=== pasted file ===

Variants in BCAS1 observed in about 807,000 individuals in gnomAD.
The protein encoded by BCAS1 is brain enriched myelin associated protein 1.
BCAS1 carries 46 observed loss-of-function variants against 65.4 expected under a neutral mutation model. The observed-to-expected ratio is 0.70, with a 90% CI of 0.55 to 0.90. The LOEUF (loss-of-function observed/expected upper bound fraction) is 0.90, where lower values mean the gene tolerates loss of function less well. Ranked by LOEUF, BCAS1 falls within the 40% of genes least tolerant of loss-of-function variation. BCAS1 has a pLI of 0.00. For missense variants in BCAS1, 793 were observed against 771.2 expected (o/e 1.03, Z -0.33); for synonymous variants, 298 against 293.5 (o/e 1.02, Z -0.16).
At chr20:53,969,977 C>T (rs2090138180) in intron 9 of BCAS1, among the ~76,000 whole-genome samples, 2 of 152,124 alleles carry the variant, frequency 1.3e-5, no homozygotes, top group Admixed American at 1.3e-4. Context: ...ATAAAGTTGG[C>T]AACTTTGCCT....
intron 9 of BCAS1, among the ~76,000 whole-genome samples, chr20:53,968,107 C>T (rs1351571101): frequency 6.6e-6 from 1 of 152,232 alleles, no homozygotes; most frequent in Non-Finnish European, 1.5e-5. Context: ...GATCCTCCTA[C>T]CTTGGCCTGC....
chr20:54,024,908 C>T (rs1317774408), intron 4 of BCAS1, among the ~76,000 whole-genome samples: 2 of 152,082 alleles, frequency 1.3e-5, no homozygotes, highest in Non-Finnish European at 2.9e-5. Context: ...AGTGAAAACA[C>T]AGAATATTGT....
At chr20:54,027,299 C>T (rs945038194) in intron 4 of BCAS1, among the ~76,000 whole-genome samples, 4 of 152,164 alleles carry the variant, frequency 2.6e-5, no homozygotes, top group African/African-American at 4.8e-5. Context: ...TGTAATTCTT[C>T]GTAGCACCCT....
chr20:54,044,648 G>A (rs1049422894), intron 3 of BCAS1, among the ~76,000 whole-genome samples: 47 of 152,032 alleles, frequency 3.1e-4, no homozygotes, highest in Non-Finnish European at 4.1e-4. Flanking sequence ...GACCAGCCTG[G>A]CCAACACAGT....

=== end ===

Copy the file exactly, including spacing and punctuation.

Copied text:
Variants in BCAS1 observed in about 807,000 individuals in gnomAD.
The protein encoded by BCAS1 is brain enriched myelin associated protein 1.
BCAS1 carries 46 observed loss-of-function variants against 65.4 expected under a neutral mutation model. The observed-to-expected ratio is 0.70, with a 90% CI of 0.55 to 0.90. The LOEUF (loss-of-function observed/expected upper bound fraction) is 0.90, where lower values mean the gene tolerates loss of function less well. Ranked by LOEUF, BCAS1 falls within the 40% of genes least tolerant of loss-of-function variation. BCAS1 has a pLI of 0.00. For missense variants in BCAS1, 793 were observed against 771.2 expected (o/e 1.03, Z -0.33); for synonymous variants, 298 against 293.5 (o/e 1.02, Z -0.16).
At chr20:53,969,977 C>T (rs2090138180) in intron 9 of BCAS1, among the ~76,000 whole-genome samples, 2 of 152,124 alleles carry the variant, frequency 1.3e-5, no homozygotes, top group Admixed American at 1.3e-4. Context: ...ATAAAGTTGG[C>T]AACTTTGCCT....
intron 9 of BCAS1, among the ~76,000 whole-genome samples, chr20:53,968,107 C>T (rs1351571101): frequency 6.6e-6 from 1 of 152,232 alleles, no homozygotes; most frequent in Non-Finnish European, 1.5e-5. Context: ...GATCCTCCTA[C>T]CTTGGCCTGC....
chr20:54,024,908 C>T (rs1317774408), intron 4 of BCAS1, among the ~76,000 whole-genome samples: 2 of 152,082 alleles, frequency 1.3e-5, no homozygotes, highest in Non-Finnish European at 2.9e-5. Context: ...AGTGAAAACA[C>T]AGAATATTGT....
At chr20:54,027,299 C>T (rs945038194) in intron 4 of BCAS1, among the ~76,000 whole-genome samples, 4 of 152,164 alleles carry the variant, frequency 2.6e-5, no homozygotes, top group African/African-American at 4.8e-5. Context: ...TGTAATTCTT[C>T]GTAGCACCCT....
chr20:54,044,648 G>A (rs1049422894), intron 3 of BCAS1, among the ~76,000 whole-genome samples: 47 of 152,032 alleles, frequency 3.1e-4, no homozygotes, highest in Non-Finnish European at 4.1e-4. Flanking sequence ...GACCAGCCTG[G>A]CCAACACAGT....